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Congress is not new to inheritance tax, it had imposed the ‘death tax’ for over 3 decades before abolishing in 1985, P Chidambaram repeatedly suggested re-imposing it

Estate Duty Act of 1953 was repealed just before the execution of Indira Gandhi's will, transferring her $175,000 estate to her grandchildren Rahul Gandhi, Priyanka Gandhi and Varun Gandhi

In a redux of his infamous ‘Hua to hua’ remark, the Chairman of the Indian Overseas Congress and Rahul Gandhi’s advisor Sam Pitroda stroked a political firestorm after he suggested a US-like inheritance tax in India as a way to redistribute wealth. As per the Congress leader, under this tax regime, more than half of the Wealth of a citizen will be grabbed by the government once a person dies leaving only the remaining portion with their bereaved family. 

Hitting back at the controversial suggestion, PM Modi charged Congress with over-burdening Indians with taxes and rampant loot. He added that Congress’ motto is – Congress ki loot, Zindagi ke sath bhi, Zindagi ke bad bhi. Consequently, the widespread criticism and condemnation of the Inheritance tax plan forced Congress and Pitroda to distance themselves from the controversial idea. 

However, while Congress and its leaders have claimed that they have no such plan to impose an Inheritance tax, it becomes pertinent to note that previous Congress governments had imposed the Inheritance tax, called estate duty in India, for over three decades. Additionally, apart from Sam Pitroda who pitched the idea today, only to distance himself from it hours later, the UPA government was reportedly planning to re-introduce the failed policy measure nearly two-and-a-half decade after it was scrapped for ‘not achieving its intended goal’. Further, its senior leader P Chidambaram had also suggested imposing it through his articles as recently as March 2023. 

History of Inheritance Tax

Previously in India, there was a tax called Estate duty (colloquially called the Inheritance tax) which was imposed on assets or property that was transferred to legal heirs after the death of the property owner, irrespective of whether they were children or grandchildren of the deceased person. However, since 1985 when it was scrapped, Indians don’t have to pay any inheritance tax.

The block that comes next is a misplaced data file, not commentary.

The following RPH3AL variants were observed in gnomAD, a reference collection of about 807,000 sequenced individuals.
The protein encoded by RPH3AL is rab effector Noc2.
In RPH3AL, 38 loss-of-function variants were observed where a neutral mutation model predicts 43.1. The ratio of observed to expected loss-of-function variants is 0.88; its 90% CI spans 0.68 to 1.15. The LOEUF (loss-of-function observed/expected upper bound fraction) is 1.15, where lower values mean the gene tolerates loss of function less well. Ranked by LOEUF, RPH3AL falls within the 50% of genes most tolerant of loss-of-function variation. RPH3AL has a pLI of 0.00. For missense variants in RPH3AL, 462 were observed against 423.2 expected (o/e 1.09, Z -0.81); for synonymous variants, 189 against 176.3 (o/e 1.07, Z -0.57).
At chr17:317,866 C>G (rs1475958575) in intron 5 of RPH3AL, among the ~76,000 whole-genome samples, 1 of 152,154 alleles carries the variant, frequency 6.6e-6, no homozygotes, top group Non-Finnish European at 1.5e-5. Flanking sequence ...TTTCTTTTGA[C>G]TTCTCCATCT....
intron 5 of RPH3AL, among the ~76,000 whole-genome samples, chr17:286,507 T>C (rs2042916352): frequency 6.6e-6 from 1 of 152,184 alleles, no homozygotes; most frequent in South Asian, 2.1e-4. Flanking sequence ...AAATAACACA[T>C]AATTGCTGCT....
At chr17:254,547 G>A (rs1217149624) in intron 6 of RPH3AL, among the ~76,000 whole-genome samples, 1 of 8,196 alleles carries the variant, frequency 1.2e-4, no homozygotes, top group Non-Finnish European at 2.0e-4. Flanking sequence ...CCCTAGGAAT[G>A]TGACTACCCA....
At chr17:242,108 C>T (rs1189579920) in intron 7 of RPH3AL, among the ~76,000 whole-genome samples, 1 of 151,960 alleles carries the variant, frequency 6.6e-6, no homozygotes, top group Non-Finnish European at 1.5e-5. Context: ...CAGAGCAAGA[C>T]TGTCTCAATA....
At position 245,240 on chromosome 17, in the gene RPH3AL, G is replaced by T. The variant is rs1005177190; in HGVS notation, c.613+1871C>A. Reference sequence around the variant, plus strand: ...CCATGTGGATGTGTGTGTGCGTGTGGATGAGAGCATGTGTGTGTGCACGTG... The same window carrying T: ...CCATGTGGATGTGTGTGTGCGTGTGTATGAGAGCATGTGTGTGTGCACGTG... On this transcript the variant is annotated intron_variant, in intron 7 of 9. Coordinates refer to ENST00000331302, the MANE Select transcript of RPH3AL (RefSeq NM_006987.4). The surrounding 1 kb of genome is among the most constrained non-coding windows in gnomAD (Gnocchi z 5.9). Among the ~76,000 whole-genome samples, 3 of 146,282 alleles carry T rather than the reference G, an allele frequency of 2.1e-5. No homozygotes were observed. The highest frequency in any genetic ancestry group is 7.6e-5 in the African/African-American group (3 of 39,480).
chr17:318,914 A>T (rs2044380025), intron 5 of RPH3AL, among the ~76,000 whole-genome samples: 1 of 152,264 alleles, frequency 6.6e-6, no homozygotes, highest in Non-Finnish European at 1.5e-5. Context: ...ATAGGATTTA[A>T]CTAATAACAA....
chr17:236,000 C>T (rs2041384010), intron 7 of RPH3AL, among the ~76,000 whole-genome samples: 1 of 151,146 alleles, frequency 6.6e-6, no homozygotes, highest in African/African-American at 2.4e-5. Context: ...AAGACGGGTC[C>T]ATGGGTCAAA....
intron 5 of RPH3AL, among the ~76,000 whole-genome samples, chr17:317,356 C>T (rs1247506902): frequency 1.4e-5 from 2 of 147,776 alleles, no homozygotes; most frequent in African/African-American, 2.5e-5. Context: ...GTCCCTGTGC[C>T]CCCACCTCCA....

Before it was scrapped, the tax system required executors of the deceased’s estate to pay a strikingly high “estate duty,” which could be as high as 85% of the value of inherited property in the highest slab, as per the Estate Duty Act of 1953.

The Congress government enacted the Estate Duty Act in 1953 claiming that it wanted to address economic inequality by introducing the estate duty tax. This tax system was progressive in nature meaning that the rate of tax imposed would get higher as the slab of the property value rose. However, the tax rates increased drastically and realtors were charged up to 85 percent for estates valued over Rs 20 lakh. It applied to both immovable and movable properties, regardless of their location, that were inherited by successors upon an individual’s death.

While the assets passed on to legal heirs could be seen as gifts since they were received without any payment, no gift tax was applied. This was because the Income-tax Act of 1961 excluded inherited assets or those received through a will from the definition of gifts.

To prevent tax avoidance, the law included measures against actions like giving gifts just before death or within two years prior. The estate duty law faced widespread criticism as it was too complicated, and led to more lawsuits and administrative costs.

Furthermore, there were concerns about double taxation as assets were subject to taxation twice: first, through wealth tax during the property owner’s lifetime (which was abolished by the Modi government in FY 2016 and onwards), and then through estate duty upon their demise. Additionally, estate duty collections were drastically less than the Congress government expected due to issues such as asset concealment and ownership of benami properties.

However, in 1985, the Rajiv Gandhi govt abolished it as it was believed that the tax had not achieved its intended goal of creating a more equitable society and reducing wealth disparity.